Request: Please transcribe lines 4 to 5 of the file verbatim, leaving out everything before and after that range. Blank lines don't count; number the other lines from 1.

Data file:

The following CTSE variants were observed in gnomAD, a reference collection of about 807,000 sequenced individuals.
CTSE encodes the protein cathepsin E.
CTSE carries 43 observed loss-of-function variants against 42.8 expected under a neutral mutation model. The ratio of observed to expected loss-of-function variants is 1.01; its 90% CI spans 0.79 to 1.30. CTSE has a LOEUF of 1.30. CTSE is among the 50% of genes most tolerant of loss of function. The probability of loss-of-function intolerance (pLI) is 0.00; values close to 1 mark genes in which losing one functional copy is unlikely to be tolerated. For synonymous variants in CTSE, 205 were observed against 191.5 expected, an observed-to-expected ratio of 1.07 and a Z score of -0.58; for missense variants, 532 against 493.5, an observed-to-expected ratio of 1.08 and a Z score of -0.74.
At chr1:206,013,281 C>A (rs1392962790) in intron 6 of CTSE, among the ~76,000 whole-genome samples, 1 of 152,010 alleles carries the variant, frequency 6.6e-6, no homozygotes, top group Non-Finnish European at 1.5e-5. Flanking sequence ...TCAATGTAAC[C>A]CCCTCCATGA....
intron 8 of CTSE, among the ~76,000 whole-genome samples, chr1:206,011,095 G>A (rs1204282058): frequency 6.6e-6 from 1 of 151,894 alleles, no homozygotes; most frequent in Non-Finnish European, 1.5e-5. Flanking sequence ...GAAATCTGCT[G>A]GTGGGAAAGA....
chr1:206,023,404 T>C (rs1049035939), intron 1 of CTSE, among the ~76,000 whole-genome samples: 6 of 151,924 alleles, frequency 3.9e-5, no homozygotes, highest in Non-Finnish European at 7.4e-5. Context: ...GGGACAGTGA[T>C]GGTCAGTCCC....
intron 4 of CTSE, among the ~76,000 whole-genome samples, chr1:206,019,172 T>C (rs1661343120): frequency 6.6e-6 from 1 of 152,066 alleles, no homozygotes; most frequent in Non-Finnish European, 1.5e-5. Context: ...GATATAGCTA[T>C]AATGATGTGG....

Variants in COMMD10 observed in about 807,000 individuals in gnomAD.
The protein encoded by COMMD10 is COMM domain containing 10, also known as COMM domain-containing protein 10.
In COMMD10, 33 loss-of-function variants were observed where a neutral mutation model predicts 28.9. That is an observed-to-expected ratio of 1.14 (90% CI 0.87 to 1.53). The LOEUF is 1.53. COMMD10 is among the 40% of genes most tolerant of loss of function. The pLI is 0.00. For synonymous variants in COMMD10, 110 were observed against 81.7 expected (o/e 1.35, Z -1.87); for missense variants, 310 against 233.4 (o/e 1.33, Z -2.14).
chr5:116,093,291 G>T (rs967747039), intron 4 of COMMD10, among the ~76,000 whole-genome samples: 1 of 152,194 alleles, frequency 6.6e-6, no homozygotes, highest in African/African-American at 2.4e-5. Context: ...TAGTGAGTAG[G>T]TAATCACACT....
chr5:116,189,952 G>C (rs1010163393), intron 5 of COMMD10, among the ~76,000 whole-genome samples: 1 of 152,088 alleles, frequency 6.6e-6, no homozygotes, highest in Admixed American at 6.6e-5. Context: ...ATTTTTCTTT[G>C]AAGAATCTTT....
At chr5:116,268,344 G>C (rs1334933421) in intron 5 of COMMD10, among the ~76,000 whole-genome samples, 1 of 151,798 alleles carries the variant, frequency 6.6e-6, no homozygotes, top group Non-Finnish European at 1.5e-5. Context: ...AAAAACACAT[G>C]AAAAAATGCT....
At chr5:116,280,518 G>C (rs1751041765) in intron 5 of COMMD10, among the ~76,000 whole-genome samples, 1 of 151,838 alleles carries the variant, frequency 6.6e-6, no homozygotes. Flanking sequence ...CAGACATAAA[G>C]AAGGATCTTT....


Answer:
At chr1:206,013,281 C>A (rs1392962790) in intron 6 of CTSE, among the ~76,000 whole-genome samples, 1 of 152,010 alleles carries the variant, frequency 6.6e-6, no homozygotes, top group Non-Finnish European at 1.5e-5. Flanking sequence ...TCAATGTAAC[C>A]CCCTCCATGA....
intron 8 of CTSE, among the ~76,000 whole-genome samples, chr1:206,011,095 G>A (rs1204282058): frequency 6.6e-6 from 1 of 151,894 alleles, no homozygotes; most frequent in Non-Finnish European, 1.5e-5. Flanking sequence ...GAAATCTGCT[G>A]GTGGGAAAGA....